Posts Tagged Immanuel Kant

Is Surveillance by the NSA Just? (deontology, Kant, Ross, and the priority of the right)

To say that there has been a vociferous response to the continuing revelations of surveillance conducted by the NSA might be to state the facts mildly; there has been heated debate in the public sphere on the matter, culminating in a presidential address yesterday declaring that (modest) changes would be made. President Barack Obama’s remarks […]

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New Years Eve 2014 (and the metaphysics and metaphilosophy of the “now”)

With the beginning of a new calendar year often comes the inescapable feeling of the inevitability of passing time, though, perhaps not as arduously so as on one’s birthday. But is this feeling the result of an illusion? Is time “real” in the most profoundly metaphysical sense of the word? Even if there is such […]

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The Call of Duties (Thoughts on W.D. Ross’s The Right and the Good) pt I

  For a person who professes to be a proponent of ethical pluralism (which posits the CALL OF prima facie DUTIES), I am surely among the few who have not read W.D. Ross’s The Right and the Good from cover to cover (I have read excepts in anthologies, and secondary sources, of course). I was […]

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Prostitution (and Kantianism)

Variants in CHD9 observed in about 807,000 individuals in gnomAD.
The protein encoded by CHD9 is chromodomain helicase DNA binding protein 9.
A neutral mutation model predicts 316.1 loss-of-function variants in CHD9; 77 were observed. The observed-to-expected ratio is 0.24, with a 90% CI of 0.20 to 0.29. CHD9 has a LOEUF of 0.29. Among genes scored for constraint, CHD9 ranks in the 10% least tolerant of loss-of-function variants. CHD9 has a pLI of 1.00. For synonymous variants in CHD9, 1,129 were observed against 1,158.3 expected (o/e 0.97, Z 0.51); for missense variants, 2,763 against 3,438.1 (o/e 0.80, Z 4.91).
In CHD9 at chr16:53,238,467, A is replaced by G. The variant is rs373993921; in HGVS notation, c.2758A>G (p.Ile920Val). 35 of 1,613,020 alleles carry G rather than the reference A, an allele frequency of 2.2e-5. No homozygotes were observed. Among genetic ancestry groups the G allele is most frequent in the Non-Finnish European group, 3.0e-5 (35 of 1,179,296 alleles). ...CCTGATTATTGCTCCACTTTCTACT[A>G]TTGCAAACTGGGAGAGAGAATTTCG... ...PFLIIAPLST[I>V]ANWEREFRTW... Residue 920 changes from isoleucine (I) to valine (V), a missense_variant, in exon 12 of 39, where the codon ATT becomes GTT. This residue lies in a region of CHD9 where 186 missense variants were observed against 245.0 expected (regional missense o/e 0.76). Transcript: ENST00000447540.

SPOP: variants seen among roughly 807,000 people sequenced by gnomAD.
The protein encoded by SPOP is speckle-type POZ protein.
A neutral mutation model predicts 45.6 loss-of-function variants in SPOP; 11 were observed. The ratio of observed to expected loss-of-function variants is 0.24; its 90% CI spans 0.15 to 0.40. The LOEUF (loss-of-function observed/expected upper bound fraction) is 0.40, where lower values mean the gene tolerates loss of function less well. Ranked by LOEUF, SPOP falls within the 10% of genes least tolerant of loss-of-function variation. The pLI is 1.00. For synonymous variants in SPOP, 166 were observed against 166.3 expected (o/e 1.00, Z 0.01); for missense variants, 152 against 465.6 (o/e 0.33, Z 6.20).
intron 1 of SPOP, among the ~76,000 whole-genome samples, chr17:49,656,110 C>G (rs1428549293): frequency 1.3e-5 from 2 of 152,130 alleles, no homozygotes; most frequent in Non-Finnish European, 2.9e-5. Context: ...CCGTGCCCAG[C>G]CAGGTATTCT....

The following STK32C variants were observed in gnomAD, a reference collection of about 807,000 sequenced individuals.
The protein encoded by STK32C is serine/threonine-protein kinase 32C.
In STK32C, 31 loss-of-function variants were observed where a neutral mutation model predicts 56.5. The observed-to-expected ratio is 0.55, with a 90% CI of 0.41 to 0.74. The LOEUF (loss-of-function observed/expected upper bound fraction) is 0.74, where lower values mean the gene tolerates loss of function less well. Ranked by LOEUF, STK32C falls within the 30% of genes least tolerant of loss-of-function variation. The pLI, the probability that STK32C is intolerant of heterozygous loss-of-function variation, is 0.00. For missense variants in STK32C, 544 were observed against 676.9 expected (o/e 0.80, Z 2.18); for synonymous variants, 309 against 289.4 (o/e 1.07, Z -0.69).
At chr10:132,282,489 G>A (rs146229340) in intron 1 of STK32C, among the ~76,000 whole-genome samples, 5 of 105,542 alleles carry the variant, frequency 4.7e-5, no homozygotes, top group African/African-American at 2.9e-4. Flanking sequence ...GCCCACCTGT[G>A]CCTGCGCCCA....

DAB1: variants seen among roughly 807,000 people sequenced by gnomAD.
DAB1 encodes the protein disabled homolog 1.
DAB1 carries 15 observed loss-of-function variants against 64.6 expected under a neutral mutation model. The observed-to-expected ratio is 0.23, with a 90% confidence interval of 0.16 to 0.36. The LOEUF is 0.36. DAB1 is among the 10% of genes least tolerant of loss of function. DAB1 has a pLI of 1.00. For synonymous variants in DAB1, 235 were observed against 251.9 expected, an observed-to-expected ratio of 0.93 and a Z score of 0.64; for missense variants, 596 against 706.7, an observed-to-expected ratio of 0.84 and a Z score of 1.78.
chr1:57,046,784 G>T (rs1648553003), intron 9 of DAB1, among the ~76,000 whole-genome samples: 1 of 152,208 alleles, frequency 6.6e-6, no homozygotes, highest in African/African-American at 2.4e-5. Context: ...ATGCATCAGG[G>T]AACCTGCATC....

Today the Washington Post featured an editorial on the recent finding that prostitution laws are unconstitutional in Canada; the author notes the real opportunity for sex workers and advocates of sex workers to be included in deliberations in redrafting existing laws. My concern is not with the legal parameters of prostitution, but with the morality […]

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Breaking Bad’s Walter White (and Amoralism, Internalism, Humeanism, and Moral Motivation)

There are many qualities to love about “Breaking Bad”, but I think the feature that so deeply engrosses audiences is the moral terrain that Walter White walks, and the cool and collected manner he amorally navigates it. I will argue that Walter White is an amoralist, and then posit that White’s amoral existence undermines the […]

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Moral Dilemmas (and expressivism, monism, particularism and pluralism)

In the past two weeks I have been riddled by a moral dilemma, involving the balancing of my duties to two different groups of people, and though I have recently resolved the dilemma, insofar as I have made a choice of which course of action to take, I still feel guilt and regret for not […]

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Robot & Frank (and Rossian Pluralism)

In continuing with the recent discussion of robot ethics, I want to  consider the challenge to absolute, monistic moral reasons posed by a movie I just watched for the first time, “Robot & Frank”. I greatly enjoyed the movie — aside from its predominate focus on morality, it also dealt a great deal with theories […]

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